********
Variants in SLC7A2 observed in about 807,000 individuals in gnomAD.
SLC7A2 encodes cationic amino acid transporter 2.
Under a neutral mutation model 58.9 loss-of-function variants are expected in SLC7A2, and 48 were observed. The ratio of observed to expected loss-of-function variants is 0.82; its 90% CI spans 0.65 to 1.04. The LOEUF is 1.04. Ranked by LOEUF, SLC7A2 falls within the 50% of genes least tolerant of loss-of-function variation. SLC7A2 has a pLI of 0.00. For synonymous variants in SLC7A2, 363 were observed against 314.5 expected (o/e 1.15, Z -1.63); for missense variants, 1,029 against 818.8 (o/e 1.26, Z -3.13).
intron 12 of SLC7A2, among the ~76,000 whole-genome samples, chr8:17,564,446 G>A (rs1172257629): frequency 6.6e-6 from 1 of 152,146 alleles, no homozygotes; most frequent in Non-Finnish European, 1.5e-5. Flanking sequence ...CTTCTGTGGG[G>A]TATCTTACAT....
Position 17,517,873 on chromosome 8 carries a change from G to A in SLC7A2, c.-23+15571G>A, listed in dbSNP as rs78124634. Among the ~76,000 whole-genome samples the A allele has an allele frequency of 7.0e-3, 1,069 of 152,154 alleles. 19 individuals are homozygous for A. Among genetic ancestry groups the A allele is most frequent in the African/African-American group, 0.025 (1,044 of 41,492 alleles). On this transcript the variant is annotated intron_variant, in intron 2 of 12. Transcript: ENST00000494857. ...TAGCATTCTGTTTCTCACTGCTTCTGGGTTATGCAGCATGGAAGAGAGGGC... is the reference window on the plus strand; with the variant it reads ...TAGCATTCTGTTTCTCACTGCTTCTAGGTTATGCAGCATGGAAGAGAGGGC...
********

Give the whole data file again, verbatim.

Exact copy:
Variants in SLC7A2 observed in about 807,000 individuals in gnomAD.
SLC7A2 encodes cationic amino acid transporter 2.
Under a neutral mutation model 58.9 loss-of-function variants are expected in SLC7A2, and 48 were observed. The ratio of observed to expected loss-of-function variants is 0.82; its 90% CI spans 0.65 to 1.04. The LOEUF is 1.04. Ranked by LOEUF, SLC7A2 falls within the 50% of genes least tolerant of loss-of-function variation. SLC7A2 has a pLI of 0.00. For synonymous variants in SLC7A2, 363 were observed against 314.5 expected (o/e 1.15, Z -1.63); for missense variants, 1,029 against 818.8 (o/e 1.26, Z -3.13).
intron 12 of SLC7A2, among the ~76,000 whole-genome samples, chr8:17,564,446 G>A (rs1172257629): frequency 6.6e-6 from 1 of 152,146 alleles, no homozygotes; most frequent in Non-Finnish European, 1.5e-5. Flanking sequence ...CTTCTGTGGG[G>A]TATCTTACAT....
Position 17,517,873 on chromosome 8 carries a change from G to A in SLC7A2, c.-23+15571G>A, listed in dbSNP as rs78124634. Among the ~76,000 whole-genome samples the A allele has an allele frequency of 7.0e-3, 1,069 of 152,154 alleles. 19 individuals are homozygous for A. Among genetic ancestry groups the A allele is most frequent in the African/African-American group, 0.025 (1,044 of 41,492 alleles). On this transcript the variant is annotated intron_variant, in intron 2 of 12. Transcript: ENST00000494857. ...TAGCATTCTGTTTCTCACTGCTTCTGGGTTATGCAGCATGGAAGAGAGGGC... is the reference window on the plus strand; with the variant it reads ...TAGCATTCTGTTTCTCACTGCTTCTAGGTTATGCAGCATGGAAGAGAGGGC...